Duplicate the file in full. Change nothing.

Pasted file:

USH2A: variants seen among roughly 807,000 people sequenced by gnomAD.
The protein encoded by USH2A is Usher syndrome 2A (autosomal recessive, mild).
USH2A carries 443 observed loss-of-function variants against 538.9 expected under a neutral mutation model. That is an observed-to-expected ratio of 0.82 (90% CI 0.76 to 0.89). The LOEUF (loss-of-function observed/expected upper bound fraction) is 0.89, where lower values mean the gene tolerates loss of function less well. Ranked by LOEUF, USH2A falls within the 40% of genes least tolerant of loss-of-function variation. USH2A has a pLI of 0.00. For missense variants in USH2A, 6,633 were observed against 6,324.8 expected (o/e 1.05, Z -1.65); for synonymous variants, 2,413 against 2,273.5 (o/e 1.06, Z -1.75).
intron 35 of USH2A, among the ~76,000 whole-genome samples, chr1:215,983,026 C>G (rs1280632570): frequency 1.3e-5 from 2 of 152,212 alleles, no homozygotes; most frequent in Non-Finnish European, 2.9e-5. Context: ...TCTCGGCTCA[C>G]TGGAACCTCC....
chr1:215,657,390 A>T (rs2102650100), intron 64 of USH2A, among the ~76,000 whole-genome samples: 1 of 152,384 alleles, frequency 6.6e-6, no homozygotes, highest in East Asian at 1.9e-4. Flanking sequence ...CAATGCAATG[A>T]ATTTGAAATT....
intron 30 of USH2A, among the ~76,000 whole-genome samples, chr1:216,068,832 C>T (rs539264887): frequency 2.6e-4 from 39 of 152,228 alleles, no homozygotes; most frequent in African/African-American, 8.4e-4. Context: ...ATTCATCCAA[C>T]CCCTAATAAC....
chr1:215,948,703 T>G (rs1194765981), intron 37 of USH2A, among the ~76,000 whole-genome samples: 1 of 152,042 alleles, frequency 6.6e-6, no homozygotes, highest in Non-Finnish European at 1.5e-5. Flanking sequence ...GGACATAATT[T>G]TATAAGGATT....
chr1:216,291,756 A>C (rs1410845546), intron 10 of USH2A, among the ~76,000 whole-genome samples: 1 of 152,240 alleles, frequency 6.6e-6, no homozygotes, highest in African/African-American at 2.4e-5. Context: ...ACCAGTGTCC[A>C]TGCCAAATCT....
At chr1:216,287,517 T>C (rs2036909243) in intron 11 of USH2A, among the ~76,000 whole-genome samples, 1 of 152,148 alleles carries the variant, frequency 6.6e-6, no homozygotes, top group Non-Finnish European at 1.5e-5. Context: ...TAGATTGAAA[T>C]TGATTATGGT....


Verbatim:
USH2A: variants seen among roughly 807,000 people sequenced by gnomAD.
The protein encoded by USH2A is Usher syndrome 2A (autosomal recessive, mild).
USH2A carries 443 observed loss-of-function variants against 538.9 expected under a neutral mutation model. That is an observed-to-expected ratio of 0.82 (90% CI 0.76 to 0.89). The LOEUF (loss-of-function observed/expected upper bound fraction) is 0.89, where lower values mean the gene tolerates loss of function less well. Ranked by LOEUF, USH2A falls within the 40% of genes least tolerant of loss-of-function variation. USH2A has a pLI of 0.00. For missense variants in USH2A, 6,633 were observed against 6,324.8 expected (o/e 1.05, Z -1.65); for synonymous variants, 2,413 against 2,273.5 (o/e 1.06, Z -1.75).
intron 35 of USH2A, among the ~76,000 whole-genome samples, chr1:215,983,026 C>G (rs1280632570): frequency 1.3e-5 from 2 of 152,212 alleles, no homozygotes; most frequent in Non-Finnish European, 2.9e-5. Context: ...TCTCGGCTCA[C>G]TGGAACCTCC....
chr1:215,657,390 A>T (rs2102650100), intron 64 of USH2A, among the ~76,000 whole-genome samples: 1 of 152,384 alleles, frequency 6.6e-6, no homozygotes, highest in East Asian at 1.9e-4. Flanking sequence ...CAATGCAATG[A>T]ATTTGAAATT....
intron 30 of USH2A, among the ~76,000 whole-genome samples, chr1:216,068,832 C>T (rs539264887): frequency 2.6e-4 from 39 of 152,228 alleles, no homozygotes; most frequent in African/African-American, 8.4e-4. Context: ...ATTCATCCAA[C>T]CCCTAATAAC....
chr1:215,948,703 T>G (rs1194765981), intron 37 of USH2A, among the ~76,000 whole-genome samples: 1 of 152,042 alleles, frequency 6.6e-6, no homozygotes, highest in Non-Finnish European at 1.5e-5. Flanking sequence ...GGACATAATT[T>G]TATAAGGATT....
chr1:216,291,756 A>C (rs1410845546), intron 10 of USH2A, among the ~76,000 whole-genome samples: 1 of 152,240 alleles, frequency 6.6e-6, no homozygotes, highest in African/African-American at 2.4e-5. Context: ...ACCAGTGTCC[A>C]TGCCAAATCT....
At chr1:216,287,517 T>C (rs2036909243) in intron 11 of USH2A, among the ~76,000 whole-genome samples, 1 of 152,148 alleles carries the variant, frequency 6.6e-6, no homozygotes, top group Non-Finnish European at 1.5e-5. Context: ...TAGATTGAAA[T>C]TGATTATGGT....